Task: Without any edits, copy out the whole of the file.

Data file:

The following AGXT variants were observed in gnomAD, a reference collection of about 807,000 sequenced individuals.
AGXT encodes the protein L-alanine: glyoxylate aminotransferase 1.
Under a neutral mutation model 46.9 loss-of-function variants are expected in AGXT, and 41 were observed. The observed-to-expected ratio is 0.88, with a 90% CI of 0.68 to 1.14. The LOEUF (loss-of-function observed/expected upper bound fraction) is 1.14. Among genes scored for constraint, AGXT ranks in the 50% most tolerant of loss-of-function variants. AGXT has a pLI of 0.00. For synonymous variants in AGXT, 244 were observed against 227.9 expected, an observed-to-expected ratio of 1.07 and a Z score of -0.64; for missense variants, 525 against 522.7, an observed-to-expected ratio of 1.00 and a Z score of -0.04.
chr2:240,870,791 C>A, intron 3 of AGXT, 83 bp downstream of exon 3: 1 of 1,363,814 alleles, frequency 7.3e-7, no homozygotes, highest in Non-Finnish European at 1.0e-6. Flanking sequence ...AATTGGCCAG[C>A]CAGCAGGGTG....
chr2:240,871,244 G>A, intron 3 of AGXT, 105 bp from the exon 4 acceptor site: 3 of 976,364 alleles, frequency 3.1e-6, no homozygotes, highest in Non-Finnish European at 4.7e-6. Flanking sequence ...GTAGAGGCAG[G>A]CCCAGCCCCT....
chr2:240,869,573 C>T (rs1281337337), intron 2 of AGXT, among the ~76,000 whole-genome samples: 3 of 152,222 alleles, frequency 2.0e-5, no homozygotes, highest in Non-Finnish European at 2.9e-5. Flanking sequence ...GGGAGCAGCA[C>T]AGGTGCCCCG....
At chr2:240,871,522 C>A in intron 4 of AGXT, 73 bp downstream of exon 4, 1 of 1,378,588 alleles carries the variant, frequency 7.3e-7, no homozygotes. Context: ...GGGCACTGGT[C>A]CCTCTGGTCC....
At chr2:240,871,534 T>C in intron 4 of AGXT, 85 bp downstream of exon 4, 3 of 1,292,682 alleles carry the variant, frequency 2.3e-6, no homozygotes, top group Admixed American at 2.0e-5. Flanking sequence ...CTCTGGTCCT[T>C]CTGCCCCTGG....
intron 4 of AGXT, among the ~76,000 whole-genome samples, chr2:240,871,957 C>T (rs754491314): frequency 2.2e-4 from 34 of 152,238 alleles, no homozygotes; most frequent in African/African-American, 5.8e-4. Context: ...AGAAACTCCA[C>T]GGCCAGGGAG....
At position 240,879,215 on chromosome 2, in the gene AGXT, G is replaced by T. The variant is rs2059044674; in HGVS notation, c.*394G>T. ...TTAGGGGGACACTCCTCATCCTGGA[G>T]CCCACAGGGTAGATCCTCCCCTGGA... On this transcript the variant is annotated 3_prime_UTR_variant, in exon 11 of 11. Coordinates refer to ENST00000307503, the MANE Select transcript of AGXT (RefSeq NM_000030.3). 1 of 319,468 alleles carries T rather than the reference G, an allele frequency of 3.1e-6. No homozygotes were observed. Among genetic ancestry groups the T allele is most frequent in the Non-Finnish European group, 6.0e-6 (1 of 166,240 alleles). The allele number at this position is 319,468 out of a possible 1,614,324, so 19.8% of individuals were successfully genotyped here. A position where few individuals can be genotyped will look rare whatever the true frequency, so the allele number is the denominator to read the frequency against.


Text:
The following AGXT variants were observed in gnomAD, a reference collection of about 807,000 sequenced individuals.
AGXT encodes the protein L-alanine: glyoxylate aminotransferase 1.
Under a neutral mutation model 46.9 loss-of-function variants are expected in AGXT, and 41 were observed. The observed-to-expected ratio is 0.88, with a 90% CI of 0.68 to 1.14. The LOEUF (loss-of-function observed/expected upper bound fraction) is 1.14. Among genes scored for constraint, AGXT ranks in the 50% most tolerant of loss-of-function variants. AGXT has a pLI of 0.00. For synonymous variants in AGXT, 244 were observed against 227.9 expected, an observed-to-expected ratio of 1.07 and a Z score of -0.64; for missense variants, 525 against 522.7, an observed-to-expected ratio of 1.00 and a Z score of -0.04.
chr2:240,870,791 C>A, intron 3 of AGXT, 83 bp downstream of exon 3: 1 of 1,363,814 alleles, frequency 7.3e-7, no homozygotes, highest in Non-Finnish European at 1.0e-6. Flanking sequence ...AATTGGCCAG[C>A]CAGCAGGGTG....
chr2:240,871,244 G>A, intron 3 of AGXT, 105 bp from the exon 4 acceptor site: 3 of 976,364 alleles, frequency 3.1e-6, no homozygotes, highest in Non-Finnish European at 4.7e-6. Flanking sequence ...GTAGAGGCAG[G>A]CCCAGCCCCT....
chr2:240,869,573 C>T (rs1281337337), intron 2 of AGXT, among the ~76,000 whole-genome samples: 3 of 152,222 alleles, frequency 2.0e-5, no homozygotes, highest in Non-Finnish European at 2.9e-5. Flanking sequence ...GGGAGCAGCA[C>T]AGGTGCCCCG....
At chr2:240,871,522 C>A in intron 4 of AGXT, 73 bp downstream of exon 4, 1 of 1,378,588 alleles carries the variant, frequency 7.3e-7, no homozygotes. Context: ...GGGCACTGGT[C>A]CCTCTGGTCC....
At chr2:240,871,534 T>C in intron 4 of AGXT, 85 bp downstream of exon 4, 3 of 1,292,682 alleles carry the variant, frequency 2.3e-6, no homozygotes, top group Admixed American at 2.0e-5. Flanking sequence ...CTCTGGTCCT[T>C]CTGCCCCTGG....
intron 4 of AGXT, among the ~76,000 whole-genome samples, chr2:240,871,957 C>T (rs754491314): frequency 2.2e-4 from 34 of 152,238 alleles, no homozygotes; most frequent in African/African-American, 5.8e-4. Context: ...AGAAACTCCA[C>T]GGCCAGGGAG....
At position 240,879,215 on chromosome 2, in the gene AGXT, G is replaced by T. The variant is rs2059044674; in HGVS notation, c.*394G>T. ...TTAGGGGGACACTCCTCATCCTGGA[G>T]CCCACAGGGTAGATCCTCCCCTGGA... On this transcript the variant is annotated 3_prime_UTR_variant, in exon 11 of 11. Coordinates refer to ENST00000307503, the MANE Select transcript of AGXT (RefSeq NM_000030.3). 1 of 319,468 alleles carries T rather than the reference G, an allele frequency of 3.1e-6. No homozygotes were observed. Among genetic ancestry groups the T allele is most frequent in the Non-Finnish European group, 6.0e-6 (1 of 166,240 alleles). The allele number at this position is 319,468 out of a possible 1,614,324, so 19.8% of individuals were successfully genotyped here. A position where few individuals can be genotyped will look rare whatever the true frequency, so the allele number is the denominator to read the frequency against.